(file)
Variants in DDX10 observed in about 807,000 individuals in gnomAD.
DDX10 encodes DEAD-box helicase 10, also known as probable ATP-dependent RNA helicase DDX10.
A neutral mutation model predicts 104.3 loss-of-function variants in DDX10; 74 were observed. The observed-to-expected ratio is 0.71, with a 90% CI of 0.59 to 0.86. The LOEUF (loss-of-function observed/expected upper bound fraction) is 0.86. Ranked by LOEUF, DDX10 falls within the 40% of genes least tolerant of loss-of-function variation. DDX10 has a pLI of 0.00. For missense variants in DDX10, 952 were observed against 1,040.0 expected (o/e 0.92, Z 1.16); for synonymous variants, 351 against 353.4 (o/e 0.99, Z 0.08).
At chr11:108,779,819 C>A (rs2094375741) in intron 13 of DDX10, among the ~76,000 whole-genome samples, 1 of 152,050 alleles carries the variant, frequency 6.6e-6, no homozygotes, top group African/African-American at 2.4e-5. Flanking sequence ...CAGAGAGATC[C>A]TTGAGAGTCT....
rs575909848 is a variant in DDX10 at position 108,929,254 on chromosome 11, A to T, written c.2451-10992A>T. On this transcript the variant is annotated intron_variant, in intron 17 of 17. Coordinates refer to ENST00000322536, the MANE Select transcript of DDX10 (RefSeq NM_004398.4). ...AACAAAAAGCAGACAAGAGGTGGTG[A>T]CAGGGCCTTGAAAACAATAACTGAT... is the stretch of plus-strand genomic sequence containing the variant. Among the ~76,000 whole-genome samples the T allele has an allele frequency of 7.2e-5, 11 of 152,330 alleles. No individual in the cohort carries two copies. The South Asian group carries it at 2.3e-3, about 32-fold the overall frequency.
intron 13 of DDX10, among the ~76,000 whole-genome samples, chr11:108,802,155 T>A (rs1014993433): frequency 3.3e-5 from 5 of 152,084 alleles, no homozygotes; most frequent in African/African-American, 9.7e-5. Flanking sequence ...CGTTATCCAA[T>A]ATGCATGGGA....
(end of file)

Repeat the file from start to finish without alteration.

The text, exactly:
Variants in DDX10 observed in about 807,000 individuals in gnomAD.
DDX10 encodes DEAD-box helicase 10, also known as probable ATP-dependent RNA helicase DDX10.
A neutral mutation model predicts 104.3 loss-of-function variants in DDX10; 74 were observed. The observed-to-expected ratio is 0.71, with a 90% CI of 0.59 to 0.86. The LOEUF (loss-of-function observed/expected upper bound fraction) is 0.86. Ranked by LOEUF, DDX10 falls within the 40% of genes least tolerant of loss-of-function variation. DDX10 has a pLI of 0.00. For missense variants in DDX10, 952 were observed against 1,040.0 expected (o/e 0.92, Z 1.16); for synonymous variants, 351 against 353.4 (o/e 0.99, Z 0.08).
At chr11:108,779,819 C>A (rs2094375741) in intron 13 of DDX10, among the ~76,000 whole-genome samples, 1 of 152,050 alleles carries the variant, frequency 6.6e-6, no homozygotes, top group African/African-American at 2.4e-5. Flanking sequence ...CAGAGAGATC[C>A]TTGAGAGTCT....
rs575909848 is a variant in DDX10 at position 108,929,254 on chromosome 11, A to T, written c.2451-10992A>T. On this transcript the variant is annotated intron_variant, in intron 17 of 17. Coordinates refer to ENST00000322536, the MANE Select transcript of DDX10 (RefSeq NM_004398.4). ...AACAAAAAGCAGACAAGAGGTGGTG[A>T]CAGGGCCTTGAAAACAATAACTGAT... is the stretch of plus-strand genomic sequence containing the variant. Among the ~76,000 whole-genome samples the T allele has an allele frequency of 7.2e-5, 11 of 152,330 alleles. No individual in the cohort carries two copies. The South Asian group carries it at 2.3e-3, about 32-fold the overall frequency.
intron 13 of DDX10, among the ~76,000 whole-genome samples, chr11:108,802,155 T>A (rs1014993433): frequency 3.3e-5 from 5 of 152,084 alleles, no homozygotes; most frequent in African/African-American, 9.7e-5. Flanking sequence ...CGTTATCCAA[T>A]ATGCATGGGA....